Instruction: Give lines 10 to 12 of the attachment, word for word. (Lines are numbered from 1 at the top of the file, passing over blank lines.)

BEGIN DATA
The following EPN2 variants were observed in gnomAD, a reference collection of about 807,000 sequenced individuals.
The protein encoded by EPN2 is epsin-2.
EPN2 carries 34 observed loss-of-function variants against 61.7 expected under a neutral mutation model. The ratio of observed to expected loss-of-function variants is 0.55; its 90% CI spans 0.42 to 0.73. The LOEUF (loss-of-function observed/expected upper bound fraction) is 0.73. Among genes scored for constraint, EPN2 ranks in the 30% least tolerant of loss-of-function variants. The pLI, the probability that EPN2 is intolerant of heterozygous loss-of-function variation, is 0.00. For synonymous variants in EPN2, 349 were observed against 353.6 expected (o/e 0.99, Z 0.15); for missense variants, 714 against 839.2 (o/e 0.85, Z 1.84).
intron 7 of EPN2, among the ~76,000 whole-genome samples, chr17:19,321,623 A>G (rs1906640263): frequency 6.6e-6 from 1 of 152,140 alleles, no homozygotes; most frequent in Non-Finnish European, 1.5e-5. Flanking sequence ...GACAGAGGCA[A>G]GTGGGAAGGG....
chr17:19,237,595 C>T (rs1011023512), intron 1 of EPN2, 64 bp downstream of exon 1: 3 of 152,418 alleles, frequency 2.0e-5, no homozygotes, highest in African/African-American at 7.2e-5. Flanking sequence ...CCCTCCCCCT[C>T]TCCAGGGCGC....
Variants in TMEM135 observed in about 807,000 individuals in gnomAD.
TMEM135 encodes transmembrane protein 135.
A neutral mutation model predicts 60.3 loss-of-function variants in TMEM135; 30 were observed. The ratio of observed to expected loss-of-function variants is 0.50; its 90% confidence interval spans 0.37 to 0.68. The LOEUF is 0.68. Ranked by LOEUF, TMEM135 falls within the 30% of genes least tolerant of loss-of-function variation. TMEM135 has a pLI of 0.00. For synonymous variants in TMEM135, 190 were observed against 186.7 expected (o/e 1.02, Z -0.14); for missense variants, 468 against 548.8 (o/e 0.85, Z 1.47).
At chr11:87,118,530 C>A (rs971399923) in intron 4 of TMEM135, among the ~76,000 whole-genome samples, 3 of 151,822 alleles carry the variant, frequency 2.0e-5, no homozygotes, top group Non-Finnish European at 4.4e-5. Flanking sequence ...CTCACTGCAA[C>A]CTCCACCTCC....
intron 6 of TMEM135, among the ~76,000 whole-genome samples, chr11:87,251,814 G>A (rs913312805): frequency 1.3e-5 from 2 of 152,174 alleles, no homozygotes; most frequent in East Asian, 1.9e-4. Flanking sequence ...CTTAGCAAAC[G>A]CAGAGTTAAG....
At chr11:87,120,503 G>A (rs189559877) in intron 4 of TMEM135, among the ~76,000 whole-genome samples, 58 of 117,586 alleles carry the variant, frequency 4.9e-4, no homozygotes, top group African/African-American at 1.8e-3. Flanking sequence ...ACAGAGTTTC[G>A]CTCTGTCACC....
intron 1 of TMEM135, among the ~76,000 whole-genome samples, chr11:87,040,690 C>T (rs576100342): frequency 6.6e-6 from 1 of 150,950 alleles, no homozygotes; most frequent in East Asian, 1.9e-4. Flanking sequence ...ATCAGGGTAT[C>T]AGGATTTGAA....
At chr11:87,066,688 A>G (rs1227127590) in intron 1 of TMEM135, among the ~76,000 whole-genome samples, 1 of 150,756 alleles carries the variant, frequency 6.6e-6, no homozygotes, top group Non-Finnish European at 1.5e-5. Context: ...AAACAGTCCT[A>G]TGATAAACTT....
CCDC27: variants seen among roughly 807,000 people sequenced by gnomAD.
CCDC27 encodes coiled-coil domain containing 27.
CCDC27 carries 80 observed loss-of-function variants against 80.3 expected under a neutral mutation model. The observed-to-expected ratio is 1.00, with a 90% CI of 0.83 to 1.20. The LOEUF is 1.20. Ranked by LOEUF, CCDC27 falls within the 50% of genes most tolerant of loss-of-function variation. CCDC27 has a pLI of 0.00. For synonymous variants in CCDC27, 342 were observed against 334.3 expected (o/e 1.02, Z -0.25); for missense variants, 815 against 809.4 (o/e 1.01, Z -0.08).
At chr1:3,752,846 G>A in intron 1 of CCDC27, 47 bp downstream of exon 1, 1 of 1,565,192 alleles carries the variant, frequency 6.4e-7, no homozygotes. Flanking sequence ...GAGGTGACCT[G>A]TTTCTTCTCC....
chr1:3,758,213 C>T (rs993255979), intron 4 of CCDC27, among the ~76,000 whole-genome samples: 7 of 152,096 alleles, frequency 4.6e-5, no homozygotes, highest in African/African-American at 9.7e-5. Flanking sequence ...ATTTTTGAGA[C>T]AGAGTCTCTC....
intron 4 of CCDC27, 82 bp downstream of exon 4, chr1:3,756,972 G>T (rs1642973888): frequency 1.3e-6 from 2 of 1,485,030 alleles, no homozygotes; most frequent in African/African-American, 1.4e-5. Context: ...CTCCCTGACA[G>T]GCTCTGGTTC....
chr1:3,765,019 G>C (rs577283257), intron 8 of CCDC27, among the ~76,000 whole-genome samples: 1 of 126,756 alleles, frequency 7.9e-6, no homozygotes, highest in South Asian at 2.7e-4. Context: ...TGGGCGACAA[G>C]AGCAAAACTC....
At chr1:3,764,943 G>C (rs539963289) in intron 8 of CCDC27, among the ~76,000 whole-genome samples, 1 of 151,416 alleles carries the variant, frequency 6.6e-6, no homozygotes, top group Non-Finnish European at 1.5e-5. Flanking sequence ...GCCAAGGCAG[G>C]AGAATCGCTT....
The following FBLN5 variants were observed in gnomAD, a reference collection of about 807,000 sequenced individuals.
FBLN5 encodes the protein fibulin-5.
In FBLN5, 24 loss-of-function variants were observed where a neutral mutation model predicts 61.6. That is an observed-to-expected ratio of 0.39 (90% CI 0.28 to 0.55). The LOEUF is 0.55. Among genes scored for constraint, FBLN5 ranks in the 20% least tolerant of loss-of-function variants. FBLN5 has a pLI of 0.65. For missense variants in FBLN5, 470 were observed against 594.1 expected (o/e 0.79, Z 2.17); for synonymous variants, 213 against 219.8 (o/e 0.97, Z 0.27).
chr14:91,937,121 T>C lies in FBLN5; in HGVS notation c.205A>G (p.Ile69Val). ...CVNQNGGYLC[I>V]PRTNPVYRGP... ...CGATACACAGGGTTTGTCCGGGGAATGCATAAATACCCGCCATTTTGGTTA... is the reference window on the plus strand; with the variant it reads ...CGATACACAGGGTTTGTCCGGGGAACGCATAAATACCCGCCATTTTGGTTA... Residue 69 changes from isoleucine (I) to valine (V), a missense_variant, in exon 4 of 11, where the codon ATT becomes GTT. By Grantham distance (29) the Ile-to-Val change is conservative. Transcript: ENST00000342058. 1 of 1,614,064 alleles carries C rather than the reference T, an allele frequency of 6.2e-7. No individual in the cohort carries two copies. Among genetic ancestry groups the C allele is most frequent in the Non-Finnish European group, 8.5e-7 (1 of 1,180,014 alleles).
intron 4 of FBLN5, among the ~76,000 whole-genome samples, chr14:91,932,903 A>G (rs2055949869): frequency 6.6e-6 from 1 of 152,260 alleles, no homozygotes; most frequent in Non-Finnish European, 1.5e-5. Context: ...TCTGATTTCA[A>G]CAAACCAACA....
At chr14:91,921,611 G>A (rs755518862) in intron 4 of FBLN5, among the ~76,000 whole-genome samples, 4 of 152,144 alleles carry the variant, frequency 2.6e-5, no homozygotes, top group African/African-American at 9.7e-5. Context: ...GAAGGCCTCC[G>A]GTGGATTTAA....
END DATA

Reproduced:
intron 6 of TMEM135, among the ~76,000 whole-genome samples, chr11:87,251,814 G>A (rs913312805): frequency 1.3e-5 from 2 of 152,174 alleles, no homozygotes; most frequent in East Asian, 1.9e-4. Flanking sequence ...CTTAGCAAAC[G>A]CAGAGTTAAG....
At chr11:87,120,503 G>A (rs189559877) in intron 4 of TMEM135, among the ~76,000 whole-genome samples, 58 of 117,586 alleles carry the variant, frequency 4.9e-4, no homozygotes, top group African/African-American at 1.8e-3. Flanking sequence ...ACAGAGTTTC[G>A]CTCTGTCACC....
intron 1 of TMEM135, among the ~76,000 whole-genome samples, chr11:87,040,690 C>T (rs576100342): frequency 6.6e-6 from 1 of 150,950 alleles, no homozygotes; most frequent in East Asian, 1.9e-4. Flanking sequence ...ATCAGGGTAT[C>T]AGGATTTGAA....